Le Jog



1995 was the third successive year in which John Brown has run his Land’s End to John O’Groats Reliability Trial, promoted by the Historic Rally Car Register and assisted this time by Heritage Insurance. The aim is to achieve the style and testing nature of the continental marathon type events but to do it in Great Britain. The awards system is loosely based on that of the Motor Cycling Club, which has been running events from End to End since shortly after the turn of the century, and declares no winner — just Gold, Silver and Bronze awards. The fact that the 1995 entry of 111, plus a further 17 on the Touring Trial, was some 50 per cent up on that of 1994 must indicate that the aim is being achieved, and that the entrants enjoy Brown’s arduous event.

The programme included a dozen pre-war cars ranging from the Nobles’ imposing 1924 6 1/2-litre Lanchester Tourer, via Branislav Sudjic’s 1927 Bugatti T44 and Bill Ainscough’s 1930 Frazer Nash Nurburg to the Dutch entered MG PA of Ernst Krudop and the 1936 Lagonda LG45 of Macko Lacquer. From the post-war period there were a pair of TD MGs; three Jowett Javelins; three MG ZA Magnettes; four Jaguars from 2.4 to 3.8; seven Healey 3000s; eight MGBs; nine Volvos of 544 or 122 type; and by no means least a fine red 1959 Ford Thunderbird, entered by John van der Stegge and Ben Roetgerink in the eclectic spirit of this event.

The 07:30 start from Land’s End on the Saturday was enlivened in the rain by Arthur Senior’s 1958 Riley 1.5 breaking both of its half-shafts just outside the dining room window of the hotel in which the later participants were enjoying their breakfast.

Arthur had been attempting the first “Manoeuvrability and Handling Test”, and was held up only as long as it took him to extract from his boot fresh shafts and the necessary broomstick. He then continued on his 1650-mile route. LE JOGgers are nothing if not resourceful. More tests followed at Porlock on the old toll road hairpins, and then in Wales in places with such vowel-challenged names as Cwmcarn, Doldowlod, Dinas Mawddwy and Bwich Esgair Gelli.

After Sunday breakfast at Charnock Richard on the M6, reality was re-established by a visit to Clapham (near Settle), where the control was located inside the New Inn, in the manner of the 1950s. The ford at Stanhope (15 miles west of Durham) was used for a timed test and (for some) plugdrying practice before the rally moved up to spend the night just west of Edinburgh. A very damp and gloomy Knockhill circuit was used for regularity tests on the Monday morning tests at which the Alvis of Ken Burnett and Heather Milne-Taylor seemed to excel. The Scottish Hydro-electric Company’s private little Stelvio, at Kenknock, was used for a timed climb and the museum at Alford was visited. Then the route was via the Lecht road (well advertised by weathermen in winter) to Tomintoul and Inverness.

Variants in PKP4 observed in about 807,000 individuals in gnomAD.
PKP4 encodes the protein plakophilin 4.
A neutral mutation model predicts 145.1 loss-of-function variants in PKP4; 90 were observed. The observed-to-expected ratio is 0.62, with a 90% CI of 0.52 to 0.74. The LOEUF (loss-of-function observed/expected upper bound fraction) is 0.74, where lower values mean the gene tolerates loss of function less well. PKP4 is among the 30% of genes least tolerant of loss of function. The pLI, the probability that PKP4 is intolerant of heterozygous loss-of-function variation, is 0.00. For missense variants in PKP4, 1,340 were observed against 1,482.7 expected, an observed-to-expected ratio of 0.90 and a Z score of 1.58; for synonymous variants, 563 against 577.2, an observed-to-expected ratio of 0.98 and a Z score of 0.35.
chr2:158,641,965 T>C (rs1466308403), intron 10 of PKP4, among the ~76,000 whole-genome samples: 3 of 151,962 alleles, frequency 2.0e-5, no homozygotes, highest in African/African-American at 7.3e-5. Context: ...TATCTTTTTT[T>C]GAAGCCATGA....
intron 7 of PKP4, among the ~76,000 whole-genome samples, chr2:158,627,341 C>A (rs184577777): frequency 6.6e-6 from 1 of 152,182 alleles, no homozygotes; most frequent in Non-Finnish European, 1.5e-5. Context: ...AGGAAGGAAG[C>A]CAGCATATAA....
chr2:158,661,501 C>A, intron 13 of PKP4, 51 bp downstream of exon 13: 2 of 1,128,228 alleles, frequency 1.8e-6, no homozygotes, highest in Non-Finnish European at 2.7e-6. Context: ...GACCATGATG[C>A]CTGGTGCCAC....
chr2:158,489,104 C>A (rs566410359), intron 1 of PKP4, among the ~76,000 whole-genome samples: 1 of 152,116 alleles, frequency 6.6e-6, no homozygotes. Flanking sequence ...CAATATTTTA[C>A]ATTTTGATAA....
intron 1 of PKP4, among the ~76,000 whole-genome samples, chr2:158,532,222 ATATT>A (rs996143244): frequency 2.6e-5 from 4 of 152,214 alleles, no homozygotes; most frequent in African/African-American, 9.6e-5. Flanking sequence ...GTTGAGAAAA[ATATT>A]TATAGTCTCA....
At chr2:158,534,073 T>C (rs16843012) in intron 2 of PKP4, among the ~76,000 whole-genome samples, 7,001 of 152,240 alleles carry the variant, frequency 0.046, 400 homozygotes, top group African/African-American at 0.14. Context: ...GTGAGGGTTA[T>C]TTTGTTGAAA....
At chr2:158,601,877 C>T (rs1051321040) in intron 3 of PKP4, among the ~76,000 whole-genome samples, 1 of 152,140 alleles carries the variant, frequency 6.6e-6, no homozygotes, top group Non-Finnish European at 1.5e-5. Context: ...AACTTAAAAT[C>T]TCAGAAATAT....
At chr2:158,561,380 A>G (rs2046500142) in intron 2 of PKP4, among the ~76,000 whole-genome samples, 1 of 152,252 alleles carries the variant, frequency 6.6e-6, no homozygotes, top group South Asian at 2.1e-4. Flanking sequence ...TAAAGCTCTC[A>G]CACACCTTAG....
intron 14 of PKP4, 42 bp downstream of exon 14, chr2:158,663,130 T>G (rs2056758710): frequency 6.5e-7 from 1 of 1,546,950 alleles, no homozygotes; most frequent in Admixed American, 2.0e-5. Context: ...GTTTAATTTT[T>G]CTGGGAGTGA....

Brown’s version of the Loch Ness Monster was a 76-mile regularity stage around the loch in the middle of the night. The test has been used for the majority of JOGs and the 1995 version was up to the usual standard. After disposing of the monster the competitors had a fairly hassle-free 200 miles to the culinary delights of John O’Groats and the fine views across the Pentland Firth, which can be better enjoyed when it is not raining or snowing. John O’Groats is one of the places which must have prompted George Ade to remark in 1901, “The time to enjoy a European trip is about three weeks after unpacking: Having made their marks on the marshals’ sheet the competitors did not linger, but set off eagerly for Wick, where they changed into dinner suits and assembled for the last time in 1995 at the nightclub beside the rather under-used harbour on the Tuesday evening, to essay the local haggis and hear about the results. The three Alvis Hares being punctual and gregarious (driven by Podger, Tomlin and Burnett), had won the Heritage Insurance Trophy for the best marque team, and The Automobile’s trophy for the best pre-1960 team.

The Tomlins in their Alvis had also won a Gold award, the other going to Neil Wilson and Willy Cave in their Porsche 356. Silver medals were won by Ainscough and Faircough with their uncharacteristically reliable 1930 Frazer Nash, Jayne Wignall’s/ Kevin Savage’s Porsche 356 and the MGB of Ron Gammon/Jayne Bourne.

There were 17 bronze medals, the top two. of which went to the vintage Alvises of Podger and Burnett, with the next taken by the Dutch-based Lagonda of Lacquer/Gahagan. Sudjic, William Hall and Helen Smeed all crammed into the T44 Bugatti win the over-2 1/2-litre Vintage class, th.e Tomlins won the 1 1/2 to 2 1/2-litre class in the Alvis, and the Ainscough Frazer Nash Won the under 1 1/2-litre category. The punters, as one, expressed their delight at Brown s event and vowed to return for more of it next year. They probably will; it was rather good. T J T